Well that didn’t take long. Less than 24 hours after PBS aired Frontline’s The Untouchables, a program focused on the failures of the Department of Justice to make cases against Wall Street bankers despite ample evidence of fraud, the head of DOJ’s criminal division resigns. It’s hard to dismiss as a coincidence given that Lanny Breuer was rather clearly identified in the program – which he participated in – as the person unwilling to go forward with Wall Street prosecutions out of both a fear of losing the cases and some strange fixation on the possibility the firms engaging in criminal fraud might go out of business. I am not sure anyone regrets Enron and Arthur Andersen going out of business. But more to the point, that concern is totally outside a prosecutor’s purview. Breuer was supposed to enforce the law not play systemic risk analyst – a job he is in no way qualified for.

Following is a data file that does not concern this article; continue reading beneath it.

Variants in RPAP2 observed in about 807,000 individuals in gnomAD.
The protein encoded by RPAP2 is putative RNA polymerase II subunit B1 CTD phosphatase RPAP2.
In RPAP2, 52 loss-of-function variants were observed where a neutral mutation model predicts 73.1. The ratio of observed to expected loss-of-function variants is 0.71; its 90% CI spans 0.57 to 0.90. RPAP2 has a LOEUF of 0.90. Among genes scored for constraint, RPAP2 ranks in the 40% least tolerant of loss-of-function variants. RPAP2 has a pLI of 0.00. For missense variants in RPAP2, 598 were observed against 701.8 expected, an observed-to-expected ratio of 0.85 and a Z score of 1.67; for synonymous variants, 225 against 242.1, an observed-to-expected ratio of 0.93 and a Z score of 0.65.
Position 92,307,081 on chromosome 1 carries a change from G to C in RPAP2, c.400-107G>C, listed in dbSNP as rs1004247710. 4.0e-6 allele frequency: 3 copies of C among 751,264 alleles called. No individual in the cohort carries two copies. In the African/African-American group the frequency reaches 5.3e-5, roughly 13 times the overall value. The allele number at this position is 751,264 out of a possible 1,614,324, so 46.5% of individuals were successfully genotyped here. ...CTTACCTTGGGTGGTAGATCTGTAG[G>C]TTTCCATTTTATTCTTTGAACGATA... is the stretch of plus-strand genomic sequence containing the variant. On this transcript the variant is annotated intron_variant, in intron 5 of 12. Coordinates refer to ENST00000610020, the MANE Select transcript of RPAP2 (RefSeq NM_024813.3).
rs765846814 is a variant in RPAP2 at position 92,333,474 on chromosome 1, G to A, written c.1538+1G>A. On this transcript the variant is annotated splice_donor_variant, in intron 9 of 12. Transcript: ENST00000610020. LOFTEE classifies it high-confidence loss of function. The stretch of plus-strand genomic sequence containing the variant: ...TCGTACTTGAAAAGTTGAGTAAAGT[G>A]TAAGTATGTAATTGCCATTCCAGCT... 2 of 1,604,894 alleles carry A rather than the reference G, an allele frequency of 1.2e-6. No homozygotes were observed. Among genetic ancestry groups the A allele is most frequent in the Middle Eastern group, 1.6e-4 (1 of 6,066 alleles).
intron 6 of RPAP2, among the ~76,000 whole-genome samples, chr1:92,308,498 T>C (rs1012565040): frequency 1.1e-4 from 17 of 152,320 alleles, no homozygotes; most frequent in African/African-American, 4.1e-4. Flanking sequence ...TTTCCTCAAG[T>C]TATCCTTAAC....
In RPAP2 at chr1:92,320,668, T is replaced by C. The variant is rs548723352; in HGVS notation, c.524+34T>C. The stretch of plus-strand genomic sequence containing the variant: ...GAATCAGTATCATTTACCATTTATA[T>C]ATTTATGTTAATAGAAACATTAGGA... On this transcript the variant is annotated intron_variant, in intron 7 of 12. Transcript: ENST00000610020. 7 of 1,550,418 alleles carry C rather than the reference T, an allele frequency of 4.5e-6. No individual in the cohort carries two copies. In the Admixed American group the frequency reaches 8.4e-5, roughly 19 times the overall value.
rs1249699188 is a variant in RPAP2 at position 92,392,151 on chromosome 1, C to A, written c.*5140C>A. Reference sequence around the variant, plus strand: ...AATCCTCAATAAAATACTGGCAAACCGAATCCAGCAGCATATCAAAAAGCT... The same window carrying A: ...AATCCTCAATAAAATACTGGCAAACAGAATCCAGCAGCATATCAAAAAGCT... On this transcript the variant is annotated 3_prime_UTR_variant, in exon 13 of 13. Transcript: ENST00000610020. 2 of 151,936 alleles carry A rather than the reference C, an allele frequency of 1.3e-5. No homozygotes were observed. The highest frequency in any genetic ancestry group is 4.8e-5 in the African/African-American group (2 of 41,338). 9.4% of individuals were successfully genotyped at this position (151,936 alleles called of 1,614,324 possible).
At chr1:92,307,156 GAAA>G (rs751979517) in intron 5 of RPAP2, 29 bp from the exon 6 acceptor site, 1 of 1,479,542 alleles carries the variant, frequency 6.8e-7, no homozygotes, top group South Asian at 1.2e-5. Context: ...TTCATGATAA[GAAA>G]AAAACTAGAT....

While establishment media like the Washington Post want to focus on Breuer’s role in the “Fast and Furious” gun running fiasco as a possible reason for his departure it seems those in the know had a different understanding. The Department Of Justice spent the day attacking Frontline claiming their program was a “hit piece” and threatening to “never co-operate” with news stories in the future. It’s so good to see someone will pay for Wall Street’s crimes – not the bankers or the politicians who committed the crimes and profited from them but journalists asking questions about what happened. Sweet justice.

It is also worth noting that Lanny Breuer was interviewed extensively for the program. He had his say repeatedly as did others whom he worked with, a good deal of the program involved him offering the best arguments he could muster to defend his actions/inactions. For DOJ to now punish the journalists for a program that provided their officials with a forum is truly ridiculous.

It’s time to face the facts, DOJ failed on one of the most important legal issues of our time. They have no one to blame for their bad reputation but themselves.